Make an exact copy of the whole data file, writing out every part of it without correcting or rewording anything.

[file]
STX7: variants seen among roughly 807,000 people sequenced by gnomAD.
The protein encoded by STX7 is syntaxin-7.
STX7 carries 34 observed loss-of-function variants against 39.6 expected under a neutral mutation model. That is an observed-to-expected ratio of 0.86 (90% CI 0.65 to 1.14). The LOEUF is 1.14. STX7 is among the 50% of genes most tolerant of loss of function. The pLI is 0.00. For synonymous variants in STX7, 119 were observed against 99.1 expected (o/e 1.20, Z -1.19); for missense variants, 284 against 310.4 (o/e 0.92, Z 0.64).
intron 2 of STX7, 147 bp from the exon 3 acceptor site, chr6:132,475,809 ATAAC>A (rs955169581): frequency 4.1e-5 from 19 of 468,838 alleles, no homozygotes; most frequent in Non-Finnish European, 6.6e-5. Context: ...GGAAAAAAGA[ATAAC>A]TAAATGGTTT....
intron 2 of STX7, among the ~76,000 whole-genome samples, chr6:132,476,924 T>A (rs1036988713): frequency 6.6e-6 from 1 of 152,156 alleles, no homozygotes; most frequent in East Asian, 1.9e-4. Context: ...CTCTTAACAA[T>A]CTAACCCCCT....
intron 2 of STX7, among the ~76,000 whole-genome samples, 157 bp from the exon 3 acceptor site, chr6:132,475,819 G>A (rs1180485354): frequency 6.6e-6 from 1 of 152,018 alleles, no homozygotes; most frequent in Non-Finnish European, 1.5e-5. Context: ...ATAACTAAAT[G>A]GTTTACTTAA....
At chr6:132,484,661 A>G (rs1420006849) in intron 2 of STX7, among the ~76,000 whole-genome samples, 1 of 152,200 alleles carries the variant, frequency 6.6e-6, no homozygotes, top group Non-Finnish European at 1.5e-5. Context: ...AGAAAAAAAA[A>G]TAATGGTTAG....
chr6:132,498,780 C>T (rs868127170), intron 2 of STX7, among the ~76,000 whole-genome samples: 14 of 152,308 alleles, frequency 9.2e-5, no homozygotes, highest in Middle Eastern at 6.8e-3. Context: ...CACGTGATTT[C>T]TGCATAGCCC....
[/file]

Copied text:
STX7: variants seen among roughly 807,000 people sequenced by gnomAD.
The protein encoded by STX7 is syntaxin-7.
STX7 carries 34 observed loss-of-function variants against 39.6 expected under a neutral mutation model. That is an observed-to-expected ratio of 0.86 (90% CI 0.65 to 1.14). The LOEUF is 1.14. STX7 is among the 50% of genes most tolerant of loss of function. The pLI is 0.00. For synonymous variants in STX7, 119 were observed against 99.1 expected (o/e 1.20, Z -1.19); for missense variants, 284 against 310.4 (o/e 0.92, Z 0.64).
intron 2 of STX7, 147 bp from the exon 3 acceptor site, chr6:132,475,809 ATAAC>A (rs955169581): frequency 4.1e-5 from 19 of 468,838 alleles, no homozygotes; most frequent in Non-Finnish European, 6.6e-5. Context: ...GGAAAAAAGA[ATAAC>A]TAAATGGTTT....
intron 2 of STX7, among the ~76,000 whole-genome samples, chr6:132,476,924 T>A (rs1036988713): frequency 6.6e-6 from 1 of 152,156 alleles, no homozygotes; most frequent in East Asian, 1.9e-4. Context: ...CTCTTAACAA[T>A]CTAACCCCCT....
intron 2 of STX7, among the ~76,000 whole-genome samples, 157 bp from the exon 3 acceptor site, chr6:132,475,819 G>A (rs1180485354): frequency 6.6e-6 from 1 of 152,018 alleles, no homozygotes; most frequent in Non-Finnish European, 1.5e-5. Context: ...ATAACTAAAT[G>A]GTTTACTTAA....
At chr6:132,484,661 A>G (rs1420006849) in intron 2 of STX7, among the ~76,000 whole-genome samples, 1 of 152,200 alleles carries the variant, frequency 6.6e-6, no homozygotes, top group Non-Finnish European at 1.5e-5. Context: ...AGAAAAAAAA[A>G]TAATGGTTAG....
chr6:132,498,780 C>T (rs868127170), intron 2 of STX7, among the ~76,000 whole-genome samples: 14 of 152,308 alleles, frequency 9.2e-5, no homozygotes, highest in Middle Eastern at 6.8e-3. Context: ...CACGTGATTT[C>T]TGCATAGCCC....